Public Entity RFP Scoring Revealed

By Bill Rusteberg

If you’re active in vying for public sector business we extend our deepest sympathies. It’s a tough world out there dealing with politicians and bureaucrats.

It’s an entirely different sales process, one that can be frustrating to newcomers chasing publicly funded, non-disclosed commission dollars and fees.

Yes, that’s right. The new brokerage disclosure rules don’t apply to political subdivisions. That’s good news for brokers working off token disclosed commissions/fees but whose real income is derived off hidden commissions/fees that would make Victor Lustig blush.

Dog gone it, got off message again. Back to the main thrust of this blog posting………………

A public bid process invariably utilizes a point system to determine the best offer. The highest score gets the nod, or at least that’s the intention.

Several years ago we assisted a TPA in a public bid process on a large school district in Texas. The TPA was new to Texas with no name recognition. The incumbent TPA was Blue Cross, a household name. Their “caring” card was recognized far and wide and gave plan members the comfort of knowing they had the best insurance in the universe.

We had zero chance of getting this business. After bids were turned in and the district’s consultant evaluated all offers we were ranked fifth, dead last. Then the interview process began. Instead of limiting the candidates to the top two or three, it was decided to interview all five vendors.

I was tasked with making a 15 minute pitch to the Board of Trustees. ‘How in Hell are we going to go from dead last to first place in a 15 minute pitch when the district’s trusted consultant was recommending someone else?” I thought.

The point system had to be the key. I went through each item one by one, describing how we met each in full and should be awarded full points for each. “We met this one, so we should get all 25 points here, we met this one too and we should get all 40 points on this one” and so on until I concluded “Based on your point system we should get 100 points and be in first place as I’ve shown here tonight!”

The next day the consultant called to inform us we were now ranked number 1. We were awarded the contract.

So what happened? How can a 15 minute presentation make a difference in the award of a $23,000,000 contract to a vendor no one had ever heard of and who was ranked dead last by an “expert and trusted” consultant?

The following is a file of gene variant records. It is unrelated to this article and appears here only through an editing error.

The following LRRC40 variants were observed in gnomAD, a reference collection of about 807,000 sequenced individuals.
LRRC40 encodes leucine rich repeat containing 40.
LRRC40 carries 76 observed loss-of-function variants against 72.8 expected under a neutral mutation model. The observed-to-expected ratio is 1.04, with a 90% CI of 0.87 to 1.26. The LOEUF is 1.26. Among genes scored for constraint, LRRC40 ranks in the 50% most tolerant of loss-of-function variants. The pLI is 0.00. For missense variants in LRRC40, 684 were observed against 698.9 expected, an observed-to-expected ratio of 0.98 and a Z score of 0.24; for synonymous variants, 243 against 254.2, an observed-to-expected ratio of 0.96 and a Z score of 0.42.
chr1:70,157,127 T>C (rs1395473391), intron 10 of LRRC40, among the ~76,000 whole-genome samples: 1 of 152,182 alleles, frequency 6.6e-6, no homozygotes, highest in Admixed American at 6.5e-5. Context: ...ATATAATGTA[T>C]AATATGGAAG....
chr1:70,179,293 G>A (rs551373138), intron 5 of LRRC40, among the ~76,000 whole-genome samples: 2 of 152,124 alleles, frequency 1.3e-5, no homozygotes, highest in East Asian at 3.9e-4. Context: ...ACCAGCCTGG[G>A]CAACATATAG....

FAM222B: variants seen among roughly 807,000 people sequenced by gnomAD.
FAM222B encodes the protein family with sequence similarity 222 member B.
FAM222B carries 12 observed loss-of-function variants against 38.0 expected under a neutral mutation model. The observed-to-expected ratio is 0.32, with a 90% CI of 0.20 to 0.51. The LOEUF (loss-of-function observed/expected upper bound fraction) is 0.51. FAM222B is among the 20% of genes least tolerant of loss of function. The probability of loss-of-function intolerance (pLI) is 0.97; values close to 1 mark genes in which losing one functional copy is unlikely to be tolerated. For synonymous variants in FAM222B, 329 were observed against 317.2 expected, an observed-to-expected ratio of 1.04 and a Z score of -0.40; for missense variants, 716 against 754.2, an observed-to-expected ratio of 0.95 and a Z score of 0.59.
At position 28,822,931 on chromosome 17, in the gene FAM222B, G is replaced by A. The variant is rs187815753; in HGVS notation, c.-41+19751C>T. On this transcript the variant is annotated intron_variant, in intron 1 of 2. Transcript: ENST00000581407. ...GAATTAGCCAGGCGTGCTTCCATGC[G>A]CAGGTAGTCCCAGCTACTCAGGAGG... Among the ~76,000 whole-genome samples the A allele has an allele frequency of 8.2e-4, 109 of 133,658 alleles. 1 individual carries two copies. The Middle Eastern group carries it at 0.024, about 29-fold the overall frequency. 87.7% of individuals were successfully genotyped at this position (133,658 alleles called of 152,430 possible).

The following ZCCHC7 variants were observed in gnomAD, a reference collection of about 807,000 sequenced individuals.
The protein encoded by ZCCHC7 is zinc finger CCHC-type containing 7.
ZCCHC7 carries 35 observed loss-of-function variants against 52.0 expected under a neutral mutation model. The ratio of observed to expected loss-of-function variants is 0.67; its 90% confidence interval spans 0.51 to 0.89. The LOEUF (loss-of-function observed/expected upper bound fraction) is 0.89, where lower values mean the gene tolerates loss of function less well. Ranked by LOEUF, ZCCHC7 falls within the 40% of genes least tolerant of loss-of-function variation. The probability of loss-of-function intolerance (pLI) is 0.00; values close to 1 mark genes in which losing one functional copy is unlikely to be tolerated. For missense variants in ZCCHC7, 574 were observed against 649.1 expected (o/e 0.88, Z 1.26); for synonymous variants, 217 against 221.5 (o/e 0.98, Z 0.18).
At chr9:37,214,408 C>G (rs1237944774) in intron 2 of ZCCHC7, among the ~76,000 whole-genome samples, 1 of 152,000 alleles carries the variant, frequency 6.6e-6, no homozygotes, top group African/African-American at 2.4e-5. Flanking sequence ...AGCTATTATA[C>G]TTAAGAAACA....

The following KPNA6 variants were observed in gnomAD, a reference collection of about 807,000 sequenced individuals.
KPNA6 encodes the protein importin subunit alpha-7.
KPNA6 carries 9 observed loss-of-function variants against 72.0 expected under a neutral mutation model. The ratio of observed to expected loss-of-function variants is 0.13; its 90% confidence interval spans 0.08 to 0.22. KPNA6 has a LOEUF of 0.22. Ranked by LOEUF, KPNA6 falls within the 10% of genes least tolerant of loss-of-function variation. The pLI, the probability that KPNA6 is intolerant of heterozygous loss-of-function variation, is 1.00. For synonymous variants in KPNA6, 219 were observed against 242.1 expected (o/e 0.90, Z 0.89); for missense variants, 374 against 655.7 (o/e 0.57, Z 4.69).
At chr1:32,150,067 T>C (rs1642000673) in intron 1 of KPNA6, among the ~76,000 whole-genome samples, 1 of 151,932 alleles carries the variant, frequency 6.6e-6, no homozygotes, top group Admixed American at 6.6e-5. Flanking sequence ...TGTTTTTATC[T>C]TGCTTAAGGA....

Am I that good? Answer is “No Bill, you’re not that good. It had nothing at all to do with your performance and ability to persuade. It was politics that gave you the most points, nothing else.”

“I don’t understand! I don’t play politics! I’ve never met with any of the board members. I’ve only dealt with the district’s consultant.”

After basking in glory and time went by I eventually discovered why we were chosen. It was indeed politics that drove the decision. The board was split. One side wanted to keep Blue Cross. The other side wanted another TPA. Each was represented by local brokers. When neither side could agree which broker to select, they defaulted to us as, it turned out, a temporary compromise. We got the business through an inverted political decision.

So there’s two sets of point systems in the public sector. One is for public consumption and the other is for internal use only.

Here’s the internal use one:

_____25 points – Price                                                           

_____10 points – Reputation                                                 

_____15 points – Ability To Meet Members needs             

_____50 points – Politics                                                        

Post script: We kept the case for 2 tumultuous years. Administration didn’t want us. The board of trustees wasn’t happy with their compromise. Plan members didn’t want us either. In a packed board meeting two years later, with the audience dressed in T-Shirts enblazened with the message “BLUE LIVES MATTER”, the board voted to go back to Blue Cross.